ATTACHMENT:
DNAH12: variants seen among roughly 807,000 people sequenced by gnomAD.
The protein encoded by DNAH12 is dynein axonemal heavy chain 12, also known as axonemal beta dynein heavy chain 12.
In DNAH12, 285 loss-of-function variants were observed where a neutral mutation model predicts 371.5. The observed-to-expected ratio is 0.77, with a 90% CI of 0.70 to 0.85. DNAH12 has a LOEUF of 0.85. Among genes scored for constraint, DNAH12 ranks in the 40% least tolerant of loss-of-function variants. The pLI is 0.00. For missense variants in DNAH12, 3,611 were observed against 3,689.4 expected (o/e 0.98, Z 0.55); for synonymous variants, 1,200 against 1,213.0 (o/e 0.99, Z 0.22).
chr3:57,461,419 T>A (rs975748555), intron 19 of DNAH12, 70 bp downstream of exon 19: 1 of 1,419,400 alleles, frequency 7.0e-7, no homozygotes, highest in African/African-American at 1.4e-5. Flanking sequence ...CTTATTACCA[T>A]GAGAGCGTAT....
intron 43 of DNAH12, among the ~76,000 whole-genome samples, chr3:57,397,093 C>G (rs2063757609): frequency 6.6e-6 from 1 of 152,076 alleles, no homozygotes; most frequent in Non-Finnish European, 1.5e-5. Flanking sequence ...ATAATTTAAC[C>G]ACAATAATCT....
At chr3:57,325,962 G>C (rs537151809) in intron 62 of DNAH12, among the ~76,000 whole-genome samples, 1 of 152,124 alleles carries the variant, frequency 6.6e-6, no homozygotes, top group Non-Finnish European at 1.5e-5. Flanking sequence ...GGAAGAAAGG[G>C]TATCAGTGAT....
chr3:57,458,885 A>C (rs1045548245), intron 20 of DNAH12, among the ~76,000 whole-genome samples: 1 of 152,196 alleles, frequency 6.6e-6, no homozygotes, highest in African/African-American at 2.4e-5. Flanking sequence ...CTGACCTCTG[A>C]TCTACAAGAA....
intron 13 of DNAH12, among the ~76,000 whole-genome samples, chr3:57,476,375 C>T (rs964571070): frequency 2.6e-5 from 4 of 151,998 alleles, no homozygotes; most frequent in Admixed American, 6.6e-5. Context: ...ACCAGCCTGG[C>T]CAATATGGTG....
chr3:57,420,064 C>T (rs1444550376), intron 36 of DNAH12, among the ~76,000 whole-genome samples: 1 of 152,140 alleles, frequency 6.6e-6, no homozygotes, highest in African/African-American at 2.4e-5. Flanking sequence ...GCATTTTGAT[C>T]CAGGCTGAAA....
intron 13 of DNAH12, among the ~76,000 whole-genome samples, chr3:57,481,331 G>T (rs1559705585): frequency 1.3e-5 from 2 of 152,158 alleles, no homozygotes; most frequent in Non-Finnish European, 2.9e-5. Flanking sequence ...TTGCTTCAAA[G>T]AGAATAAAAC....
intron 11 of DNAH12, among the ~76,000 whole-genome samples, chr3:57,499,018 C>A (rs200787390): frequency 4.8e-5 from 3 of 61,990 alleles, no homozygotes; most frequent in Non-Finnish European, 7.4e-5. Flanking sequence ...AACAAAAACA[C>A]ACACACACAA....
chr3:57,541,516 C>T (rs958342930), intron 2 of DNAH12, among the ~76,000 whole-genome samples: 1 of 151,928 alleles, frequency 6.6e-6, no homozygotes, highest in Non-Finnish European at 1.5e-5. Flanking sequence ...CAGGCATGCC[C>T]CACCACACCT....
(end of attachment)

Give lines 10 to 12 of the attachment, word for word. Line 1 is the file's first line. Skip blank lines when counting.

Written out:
intron 13 of DNAH12, among the ~76,000 whole-genome samples, chr3:57,481,331 G>T (rs1559705585): frequency 1.3e-5 from 2 of 152,158 alleles, no homozygotes; most frequent in Non-Finnish European, 2.9e-5. Flanking sequence ...TTGCTTCAAA[G>T]AGAATAAAAC....
intron 11 of DNAH12, among the ~76,000 whole-genome samples, chr3:57,499,018 C>A (rs200787390): frequency 4.8e-5 from 3 of 61,990 alleles, no homozygotes; most frequent in Non-Finnish European, 7.4e-5. Flanking sequence ...AACAAAAACA[C>A]ACACACACAA....
chr3:57,541,516 C>T (rs958342930), intron 2 of DNAH12, among the ~76,000 whole-genome samples: 1 of 151,928 alleles, frequency 6.6e-6, no homozygotes, highest in Non-Finnish European at 1.5e-5. Flanking sequence ...CAGGCATGCC[C>T]CACCACACCT....